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Sourcing Rhizobium leguminosarum biovar viciae strains from Mediterranean centres of origin to optimize nitrogen fixation in forage legumes grown on acid soils

Yates, R.J., Harrison, R.J., Loi, A., Steel, E.J.ORCID: 0000-0002-2299-3408, Edwards, T.J., Nutt, B.J., Porqueddu, C., Gresta, F. and Howieson, J.G. (2021) Sourcing Rhizobium leguminosarum biovar viciae strains from Mediterranean centres of origin to optimize nitrogen fixation in forage legumes grown on acid soils. Grass and Forage Science, 76 (1). pp. 33-43.

Link to Published Version: https://doi.org/10.1111/gfs.12524
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Abstract

Over the last three decades, farming systems in Europe and Australia have seen a decline in legume plantings, leading to reduced soil carbon and fertility, and an increase in plant disease, reliance on industrial nitrogen fertilizer and herbicides. In Australia, one reason for this decline has been the movement towards sowing crops and forages into dry soil, before the opening rains, as a consequence of climate variability. This practice predicates against the survival of rhizobial inoculants, and hence generates uncertainty about legume performance. The research reported here was initiated to improve the robustness of a specific forage legume/rhizobia symbiosis to increase nitrogen fixation in low pH, infertile soils. Rhizobial strains (Rhizobium leguminosarum biovar viciae) from Pisum sativum L. were sourced from acid soils in southern Italy and southern Australia. Strains were evaluated for N fixation on the forage legumes P. sativum, Vicia sativa and Vicia villosa, then for survival and persistence in acid soils (pHCa 4.6). Fourteen of the strains produced a higher percentage of nitrogen derived from the atmosphere (%Ndfa) compared to commercial comparator strain SU303 (<78%). Twenty‐two strains survived sufficiently into the second season to form more nodules than SU303, which only achieved 3% of plants nodulated. Elite strains WSM4643 and WSM4645 produced six times more nodulated plants than SU303 and had significantly higher saprophytic competence in acid soil. These strains have the ability to optimize symbiotic associations with field peas and vetch in soils with low fertility, carbon and pH that are restrictive to the current commercial strain SU303.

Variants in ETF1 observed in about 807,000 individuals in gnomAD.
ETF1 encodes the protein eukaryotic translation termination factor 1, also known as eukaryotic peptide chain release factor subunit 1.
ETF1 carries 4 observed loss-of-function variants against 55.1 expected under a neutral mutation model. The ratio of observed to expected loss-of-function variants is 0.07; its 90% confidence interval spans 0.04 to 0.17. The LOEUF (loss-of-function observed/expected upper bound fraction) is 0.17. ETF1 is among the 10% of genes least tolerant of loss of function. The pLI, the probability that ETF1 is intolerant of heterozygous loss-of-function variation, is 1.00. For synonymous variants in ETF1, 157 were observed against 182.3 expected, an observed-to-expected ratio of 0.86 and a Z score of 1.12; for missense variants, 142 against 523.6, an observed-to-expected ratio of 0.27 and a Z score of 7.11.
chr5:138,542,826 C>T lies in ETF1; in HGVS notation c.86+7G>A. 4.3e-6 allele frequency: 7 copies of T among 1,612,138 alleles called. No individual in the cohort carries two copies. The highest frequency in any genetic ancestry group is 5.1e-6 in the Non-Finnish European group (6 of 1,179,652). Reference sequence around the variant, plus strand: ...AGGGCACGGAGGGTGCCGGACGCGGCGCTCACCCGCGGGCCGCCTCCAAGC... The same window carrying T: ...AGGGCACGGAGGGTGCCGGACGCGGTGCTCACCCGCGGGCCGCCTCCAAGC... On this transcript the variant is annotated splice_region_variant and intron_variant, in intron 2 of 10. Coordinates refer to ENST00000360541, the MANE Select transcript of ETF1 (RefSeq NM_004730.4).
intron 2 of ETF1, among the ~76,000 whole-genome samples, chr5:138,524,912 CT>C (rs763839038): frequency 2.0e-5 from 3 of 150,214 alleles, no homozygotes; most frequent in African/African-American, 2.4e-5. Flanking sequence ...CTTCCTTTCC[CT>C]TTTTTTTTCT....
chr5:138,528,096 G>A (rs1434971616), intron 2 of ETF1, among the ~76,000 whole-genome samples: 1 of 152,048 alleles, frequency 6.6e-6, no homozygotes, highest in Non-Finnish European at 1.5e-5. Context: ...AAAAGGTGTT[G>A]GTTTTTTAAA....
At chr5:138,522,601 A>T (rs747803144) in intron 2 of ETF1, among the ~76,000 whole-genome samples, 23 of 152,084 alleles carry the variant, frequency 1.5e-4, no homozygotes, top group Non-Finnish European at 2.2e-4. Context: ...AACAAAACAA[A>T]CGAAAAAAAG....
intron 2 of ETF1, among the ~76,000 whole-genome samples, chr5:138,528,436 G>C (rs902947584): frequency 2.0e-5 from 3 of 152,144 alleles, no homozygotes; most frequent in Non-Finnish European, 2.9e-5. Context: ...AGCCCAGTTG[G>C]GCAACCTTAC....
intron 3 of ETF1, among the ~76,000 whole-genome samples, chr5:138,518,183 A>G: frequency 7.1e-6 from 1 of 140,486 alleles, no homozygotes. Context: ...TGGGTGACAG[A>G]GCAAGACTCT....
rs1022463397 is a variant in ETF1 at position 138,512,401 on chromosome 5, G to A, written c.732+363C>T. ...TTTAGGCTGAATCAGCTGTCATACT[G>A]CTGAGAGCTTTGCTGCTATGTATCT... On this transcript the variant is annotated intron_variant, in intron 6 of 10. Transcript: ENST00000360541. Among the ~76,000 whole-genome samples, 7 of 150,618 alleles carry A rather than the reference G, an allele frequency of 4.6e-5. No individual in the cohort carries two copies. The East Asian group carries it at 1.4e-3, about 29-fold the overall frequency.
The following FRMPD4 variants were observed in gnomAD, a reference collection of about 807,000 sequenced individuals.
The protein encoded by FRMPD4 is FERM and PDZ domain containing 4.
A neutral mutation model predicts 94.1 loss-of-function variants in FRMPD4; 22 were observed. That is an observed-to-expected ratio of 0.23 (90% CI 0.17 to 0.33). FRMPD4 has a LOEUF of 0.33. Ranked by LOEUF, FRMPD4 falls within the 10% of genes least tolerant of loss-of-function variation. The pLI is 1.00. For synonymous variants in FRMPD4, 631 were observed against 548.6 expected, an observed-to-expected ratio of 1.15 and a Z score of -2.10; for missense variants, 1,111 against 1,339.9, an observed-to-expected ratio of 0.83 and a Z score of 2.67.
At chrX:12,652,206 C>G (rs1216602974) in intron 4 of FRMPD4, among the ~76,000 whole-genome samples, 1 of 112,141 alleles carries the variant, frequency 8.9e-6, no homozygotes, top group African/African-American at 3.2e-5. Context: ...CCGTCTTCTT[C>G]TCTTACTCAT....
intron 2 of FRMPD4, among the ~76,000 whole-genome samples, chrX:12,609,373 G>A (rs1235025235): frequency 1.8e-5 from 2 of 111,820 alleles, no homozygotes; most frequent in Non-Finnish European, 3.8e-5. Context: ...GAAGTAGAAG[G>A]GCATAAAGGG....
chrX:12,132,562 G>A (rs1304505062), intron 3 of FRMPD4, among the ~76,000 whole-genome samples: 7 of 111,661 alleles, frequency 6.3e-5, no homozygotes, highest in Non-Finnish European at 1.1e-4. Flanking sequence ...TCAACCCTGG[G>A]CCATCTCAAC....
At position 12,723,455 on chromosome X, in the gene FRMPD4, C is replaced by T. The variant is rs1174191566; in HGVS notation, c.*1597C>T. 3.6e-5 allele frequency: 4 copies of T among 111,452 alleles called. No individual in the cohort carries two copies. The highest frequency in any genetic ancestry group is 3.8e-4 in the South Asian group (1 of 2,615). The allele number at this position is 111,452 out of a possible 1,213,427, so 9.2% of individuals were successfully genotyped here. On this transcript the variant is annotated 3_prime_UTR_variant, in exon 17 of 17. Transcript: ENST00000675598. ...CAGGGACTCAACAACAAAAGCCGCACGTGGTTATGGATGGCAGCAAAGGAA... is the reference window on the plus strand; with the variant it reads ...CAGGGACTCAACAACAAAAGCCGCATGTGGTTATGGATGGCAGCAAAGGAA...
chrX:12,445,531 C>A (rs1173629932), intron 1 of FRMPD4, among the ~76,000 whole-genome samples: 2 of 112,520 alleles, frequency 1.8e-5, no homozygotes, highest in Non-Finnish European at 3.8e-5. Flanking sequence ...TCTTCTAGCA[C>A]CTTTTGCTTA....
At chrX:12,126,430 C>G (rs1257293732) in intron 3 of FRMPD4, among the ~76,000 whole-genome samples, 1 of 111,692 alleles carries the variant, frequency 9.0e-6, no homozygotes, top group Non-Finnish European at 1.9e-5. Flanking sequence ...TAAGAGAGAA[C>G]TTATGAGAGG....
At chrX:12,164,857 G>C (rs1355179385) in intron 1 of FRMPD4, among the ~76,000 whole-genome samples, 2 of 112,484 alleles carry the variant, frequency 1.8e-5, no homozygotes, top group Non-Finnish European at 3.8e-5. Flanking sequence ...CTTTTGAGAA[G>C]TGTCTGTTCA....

Item Type: Journal Article
Murdoch Affiliation(s): Centre for Rhizobium Studies
Publisher: Wiley-Blackwell
Copyright: © 2021 John Wiley & Sons Ltd
URI: http://researchrepository.murdoch.edu.au/id/eprint/60317
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